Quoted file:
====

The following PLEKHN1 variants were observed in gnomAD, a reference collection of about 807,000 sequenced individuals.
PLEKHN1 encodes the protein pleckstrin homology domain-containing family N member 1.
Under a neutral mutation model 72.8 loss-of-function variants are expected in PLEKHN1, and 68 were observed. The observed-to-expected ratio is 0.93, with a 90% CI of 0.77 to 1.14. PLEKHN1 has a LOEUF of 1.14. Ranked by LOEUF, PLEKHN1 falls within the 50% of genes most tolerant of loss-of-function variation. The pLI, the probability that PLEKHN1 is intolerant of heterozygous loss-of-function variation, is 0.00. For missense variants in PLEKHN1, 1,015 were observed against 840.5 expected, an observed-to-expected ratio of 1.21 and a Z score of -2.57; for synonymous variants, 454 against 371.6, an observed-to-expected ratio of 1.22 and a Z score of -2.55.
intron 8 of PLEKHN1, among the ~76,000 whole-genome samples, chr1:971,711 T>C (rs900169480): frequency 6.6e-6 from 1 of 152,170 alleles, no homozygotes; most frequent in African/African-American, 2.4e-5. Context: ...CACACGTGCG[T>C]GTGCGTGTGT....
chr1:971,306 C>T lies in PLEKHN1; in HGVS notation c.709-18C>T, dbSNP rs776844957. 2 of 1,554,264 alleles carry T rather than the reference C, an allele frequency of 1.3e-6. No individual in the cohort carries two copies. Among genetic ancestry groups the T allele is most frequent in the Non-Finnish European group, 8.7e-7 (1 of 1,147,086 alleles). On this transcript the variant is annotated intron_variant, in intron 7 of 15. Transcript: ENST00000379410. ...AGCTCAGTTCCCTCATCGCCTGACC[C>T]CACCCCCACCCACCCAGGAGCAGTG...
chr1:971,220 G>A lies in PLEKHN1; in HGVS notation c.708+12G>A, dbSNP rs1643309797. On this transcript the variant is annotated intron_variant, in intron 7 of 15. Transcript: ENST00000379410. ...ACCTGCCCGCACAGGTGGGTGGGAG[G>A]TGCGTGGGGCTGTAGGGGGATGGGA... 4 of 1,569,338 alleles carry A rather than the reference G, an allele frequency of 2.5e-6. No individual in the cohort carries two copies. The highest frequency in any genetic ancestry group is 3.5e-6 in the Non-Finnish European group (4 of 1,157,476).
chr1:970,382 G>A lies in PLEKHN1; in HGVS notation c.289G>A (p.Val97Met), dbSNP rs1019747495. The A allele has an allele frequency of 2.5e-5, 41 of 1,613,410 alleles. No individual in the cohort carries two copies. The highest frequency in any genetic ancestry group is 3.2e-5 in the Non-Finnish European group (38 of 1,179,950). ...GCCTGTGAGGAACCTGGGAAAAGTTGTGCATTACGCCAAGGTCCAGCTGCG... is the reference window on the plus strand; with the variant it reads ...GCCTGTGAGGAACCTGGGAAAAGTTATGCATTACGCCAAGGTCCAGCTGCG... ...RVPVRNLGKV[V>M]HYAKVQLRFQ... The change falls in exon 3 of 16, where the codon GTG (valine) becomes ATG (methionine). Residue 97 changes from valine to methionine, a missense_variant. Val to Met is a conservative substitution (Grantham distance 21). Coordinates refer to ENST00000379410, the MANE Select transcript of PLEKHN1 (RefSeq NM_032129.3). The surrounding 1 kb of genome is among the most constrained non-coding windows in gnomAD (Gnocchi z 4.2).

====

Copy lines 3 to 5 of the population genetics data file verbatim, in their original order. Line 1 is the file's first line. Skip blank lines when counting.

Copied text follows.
Under a neutral mutation model 72.8 loss-of-function variants are expected in PLEKHN1, and 68 were observed. The observed-to-expected ratio is 0.93, with a 90% CI of 0.77 to 1.14. PLEKHN1 has a LOEUF of 1.14. Ranked by LOEUF, PLEKHN1 falls within the 50% of genes most tolerant of loss-of-function variation. The pLI, the probability that PLEKHN1 is intolerant of heterozygous loss-of-function variation, is 0.00. For missense variants in PLEKHN1, 1,015 were observed against 840.5 expected, an observed-to-expected ratio of 1.21 and a Z score of -2.57; for synonymous variants, 454 against 371.6, an observed-to-expected ratio of 1.22 and a Z score of -2.55.
intron 8 of PLEKHN1, among the ~76,000 whole-genome samples, chr1:971,711 T>C (rs900169480): frequency 6.6e-6 from 1 of 152,170 alleles, no homozygotes; most frequent in African/African-American, 2.4e-5. Context: ...CACACGTGCG[T>C]GTGCGTGTGT....
chr1:971,306 C>T lies in PLEKHN1; in HGVS notation c.709-18C>T, dbSNP rs776844957. 2 of 1,554,264 alleles carry T rather than the reference C, an allele frequency of 1.3e-6. No individual in the cohort carries two copies. Among genetic ancestry groups the T allele is most frequent in the Non-Finnish European group, 8.7e-7 (1 of 1,147,086 alleles). On this transcript the variant is annotated intron_variant, in intron 7 of 15. Transcript: ENST00000379410. ...AGCTCAGTTCCCTCATCGCCTGACC[C>T]CACCCCCACCCACCCAGGAGCAGTG...